Monday, September 10, 2012

Kin of media victims in Ampatuan massacre seek UN help


MANILA, Philippines - Relatives of the media victims in the 2009 Ampatuan massacre have asked the United Nations' help in seeking justice.

In a letter to Nassir Abdulaziz Al-Nasser, president of the United Nations General Assembly, the group Justice Now!, called on the UN to “to vigilantly monitor this case and to take action,” using the UN body’s mechanisms and instruments.

Justice Now! consists of the families of the 32 media workers who were among the 58 killed in the November 23, 2009 massacre.

“We appeal for your help in preventing a denial of justice,” the families said in their letter.

The group cited the slow pace in the prosecution of the 196 suspects in the massacre, including members of the powerful Ampatuan clan.

“Three years and yet justice for the victims of what can only be called a crime against humanity has continued to remain elusive,” they said.

The group also said that nearly 100 suspects still remain at large and only two of the principal suspects have been arraigned.

“Meanwhile, at least three vital witnesses have been murdered, while we, the families of the victims, as well as those of other witnesses, continue to be harassed and offered bribes,” they said in their letter.

Nestor Burgos Jr., chair of the National Union of Journalists of the Philippines (NUJP), formally handed the letter to Nasser at the UN headquarters in New York last September 7.

Burgos was part of an international delegation composed of the National Human Rights Committee (NHRC) of Qatar and media organizations led by the International Federation of Journalists, which met with Nasser to transmit recommendations for the protection of journalists and safety of journalists.

The recommendations were issued following a conference of journalists held on January 23 in Doha that was organized by the NHRC.

The delegation also included Ali Bin Samikh Al-Marri, NHRC chair; Jim Boumelha, IFJ president; Omar Faruk, president of the Federation of African Journalists; Celso Schroder, president of the Federación de Periodistas de América Latina y el Caribe; Mohamed Makram, general secretary of the Federation of Arab Journalists; and Gianfranco Fattorini, representing the Geneva-based Press Emblem Campaign.

“The killing of journalists continues to increase worldwide despite the plethora of international instruments, international human rights laws, universal human rights laws, covenants, declarations and resolutions which are simply ignored by many governments” said Jim Boumelha. “Our message to the General Assembly is to use whatever mechanisms it has in its power to force member states to discharge rigorously their responsibility under international laws to protect journalists and put a stop to impunity”.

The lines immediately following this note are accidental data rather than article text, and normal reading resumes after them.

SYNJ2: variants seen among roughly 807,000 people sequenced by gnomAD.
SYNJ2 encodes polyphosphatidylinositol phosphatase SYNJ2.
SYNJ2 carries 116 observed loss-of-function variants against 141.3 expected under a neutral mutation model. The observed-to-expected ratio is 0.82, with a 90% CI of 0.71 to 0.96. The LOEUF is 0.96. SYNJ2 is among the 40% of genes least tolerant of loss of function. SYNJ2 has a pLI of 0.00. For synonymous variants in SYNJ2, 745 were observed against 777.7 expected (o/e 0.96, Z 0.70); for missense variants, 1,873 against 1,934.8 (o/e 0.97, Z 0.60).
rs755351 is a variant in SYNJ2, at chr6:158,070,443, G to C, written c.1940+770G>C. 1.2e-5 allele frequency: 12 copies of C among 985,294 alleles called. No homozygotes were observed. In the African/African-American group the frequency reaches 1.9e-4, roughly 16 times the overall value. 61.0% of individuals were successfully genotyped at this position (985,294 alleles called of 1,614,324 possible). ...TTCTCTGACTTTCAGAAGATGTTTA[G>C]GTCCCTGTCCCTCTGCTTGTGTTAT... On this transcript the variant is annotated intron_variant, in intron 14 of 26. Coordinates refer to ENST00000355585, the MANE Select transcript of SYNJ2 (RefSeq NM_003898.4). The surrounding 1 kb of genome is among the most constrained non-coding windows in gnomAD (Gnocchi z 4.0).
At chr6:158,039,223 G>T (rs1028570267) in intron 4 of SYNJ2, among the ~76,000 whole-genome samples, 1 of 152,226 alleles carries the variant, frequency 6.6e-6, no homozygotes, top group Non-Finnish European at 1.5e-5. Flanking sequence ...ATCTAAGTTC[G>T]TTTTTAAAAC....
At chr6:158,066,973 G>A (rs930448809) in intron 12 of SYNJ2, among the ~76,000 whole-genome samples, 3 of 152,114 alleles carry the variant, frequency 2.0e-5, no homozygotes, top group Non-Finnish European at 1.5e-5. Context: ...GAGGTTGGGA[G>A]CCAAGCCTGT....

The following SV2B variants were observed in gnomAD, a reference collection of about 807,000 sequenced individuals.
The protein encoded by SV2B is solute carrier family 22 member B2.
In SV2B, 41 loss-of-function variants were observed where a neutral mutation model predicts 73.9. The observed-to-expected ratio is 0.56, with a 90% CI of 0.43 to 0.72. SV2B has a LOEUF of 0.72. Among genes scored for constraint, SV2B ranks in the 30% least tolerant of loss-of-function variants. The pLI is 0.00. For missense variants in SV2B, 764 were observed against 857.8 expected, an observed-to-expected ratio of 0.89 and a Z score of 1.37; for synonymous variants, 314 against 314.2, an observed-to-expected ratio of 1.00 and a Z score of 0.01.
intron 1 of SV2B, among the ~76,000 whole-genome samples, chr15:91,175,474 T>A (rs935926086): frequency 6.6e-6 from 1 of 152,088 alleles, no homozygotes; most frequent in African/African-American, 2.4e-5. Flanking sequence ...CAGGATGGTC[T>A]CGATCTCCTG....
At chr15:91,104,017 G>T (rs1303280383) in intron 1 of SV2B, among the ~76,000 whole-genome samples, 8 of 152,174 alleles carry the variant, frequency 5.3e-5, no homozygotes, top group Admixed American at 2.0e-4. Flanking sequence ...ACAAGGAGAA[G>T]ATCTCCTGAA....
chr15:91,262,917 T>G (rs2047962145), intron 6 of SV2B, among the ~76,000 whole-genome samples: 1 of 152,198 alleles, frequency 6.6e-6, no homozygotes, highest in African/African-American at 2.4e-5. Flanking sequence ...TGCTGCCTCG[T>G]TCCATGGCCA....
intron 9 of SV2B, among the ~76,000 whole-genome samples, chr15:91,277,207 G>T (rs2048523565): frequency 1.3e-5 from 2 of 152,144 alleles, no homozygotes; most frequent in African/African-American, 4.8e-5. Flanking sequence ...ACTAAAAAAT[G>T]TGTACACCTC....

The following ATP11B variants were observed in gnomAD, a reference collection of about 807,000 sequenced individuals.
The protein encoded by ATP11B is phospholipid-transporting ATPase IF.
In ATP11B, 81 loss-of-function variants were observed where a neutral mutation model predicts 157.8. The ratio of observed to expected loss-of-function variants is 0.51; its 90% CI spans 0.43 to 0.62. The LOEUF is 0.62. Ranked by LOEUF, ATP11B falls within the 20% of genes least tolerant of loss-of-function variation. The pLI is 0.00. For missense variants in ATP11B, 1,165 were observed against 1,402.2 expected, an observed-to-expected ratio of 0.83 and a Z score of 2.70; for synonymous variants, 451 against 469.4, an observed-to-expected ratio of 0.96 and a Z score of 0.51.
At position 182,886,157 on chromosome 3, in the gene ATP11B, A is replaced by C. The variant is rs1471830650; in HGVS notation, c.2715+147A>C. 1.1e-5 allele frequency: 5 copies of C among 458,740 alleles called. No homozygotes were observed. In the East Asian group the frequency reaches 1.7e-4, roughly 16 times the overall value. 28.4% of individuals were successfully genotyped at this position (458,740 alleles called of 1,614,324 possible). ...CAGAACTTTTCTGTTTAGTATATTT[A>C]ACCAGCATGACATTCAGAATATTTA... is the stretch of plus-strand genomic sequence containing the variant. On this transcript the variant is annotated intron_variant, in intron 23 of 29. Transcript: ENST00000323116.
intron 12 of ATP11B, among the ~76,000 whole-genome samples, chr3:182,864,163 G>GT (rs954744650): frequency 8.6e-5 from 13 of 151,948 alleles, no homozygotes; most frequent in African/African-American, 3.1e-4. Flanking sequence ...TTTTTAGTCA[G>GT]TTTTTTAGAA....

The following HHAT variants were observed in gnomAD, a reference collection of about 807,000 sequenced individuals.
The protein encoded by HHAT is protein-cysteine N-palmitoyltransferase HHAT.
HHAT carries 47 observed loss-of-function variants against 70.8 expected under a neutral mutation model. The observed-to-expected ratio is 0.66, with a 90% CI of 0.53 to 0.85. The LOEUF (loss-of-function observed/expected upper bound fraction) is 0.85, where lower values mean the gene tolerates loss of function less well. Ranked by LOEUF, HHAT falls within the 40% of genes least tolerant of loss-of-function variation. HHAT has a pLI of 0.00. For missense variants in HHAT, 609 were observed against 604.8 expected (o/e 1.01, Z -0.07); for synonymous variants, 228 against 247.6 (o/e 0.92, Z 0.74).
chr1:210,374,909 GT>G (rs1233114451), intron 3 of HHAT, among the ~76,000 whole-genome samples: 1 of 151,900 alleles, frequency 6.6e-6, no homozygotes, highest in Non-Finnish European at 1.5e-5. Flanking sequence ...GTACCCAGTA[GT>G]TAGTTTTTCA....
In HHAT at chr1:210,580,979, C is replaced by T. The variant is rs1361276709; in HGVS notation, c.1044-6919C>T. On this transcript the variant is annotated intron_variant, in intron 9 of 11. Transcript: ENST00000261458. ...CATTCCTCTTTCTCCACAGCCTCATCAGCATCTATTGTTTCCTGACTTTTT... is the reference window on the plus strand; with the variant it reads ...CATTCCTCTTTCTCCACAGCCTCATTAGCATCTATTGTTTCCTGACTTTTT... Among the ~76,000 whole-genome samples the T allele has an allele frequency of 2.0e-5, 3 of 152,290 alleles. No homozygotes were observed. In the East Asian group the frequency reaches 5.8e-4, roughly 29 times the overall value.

Since the Security Council agreed to the much acclaimed resolution 1738 on the safety of journalists in conflict and on impunity, over 600 journalists have died, the great majority of them murdered in their own countries, he said.

In a press conference held after the meeting, Nasser voiced his support to initiatives of the delegation to improve the safety of journalists.

“It is unacceptable that journalists are being murdered every year but the killers often go free. I strongly support the efforts of the (NHRC) and encourage all peace-loving member states, civil society actors and the media sector to support endeavours leading to the endorsement of the recommendation of the (Doha) conference,” Nasser said.

“As President of the General Assembly, I reject all forms of attack, unlawful persecution or killing of journalists whether they are working in the new or traditional media,” he said.

Nasser said the recommendations of the Doha conference, were distributed by the GA president to all the 193 members of the UN.

The recommendations asked the UN to, among others, develop new binding tools for states to accept the protection of journalists as a standing obligation, to adopt reforms to their mechanisms and procedures such as through regional security organizations, to expand the mandates of Special Rapporteurs and relevant bodies, develop further monitoring mechanisms, intrusive inspections and mandatory sanctions and, finally, create a unit to follow up media cases at the Human Rights Council.

“We need renewed action by the UN to start forcing member states to implement current provisions but to also develop new tools. It is clear that the incremental approach has proven insufficient and the IFJ will be spearheading moves to plug the gaps that allowed impunity to flourish” Boumelha said

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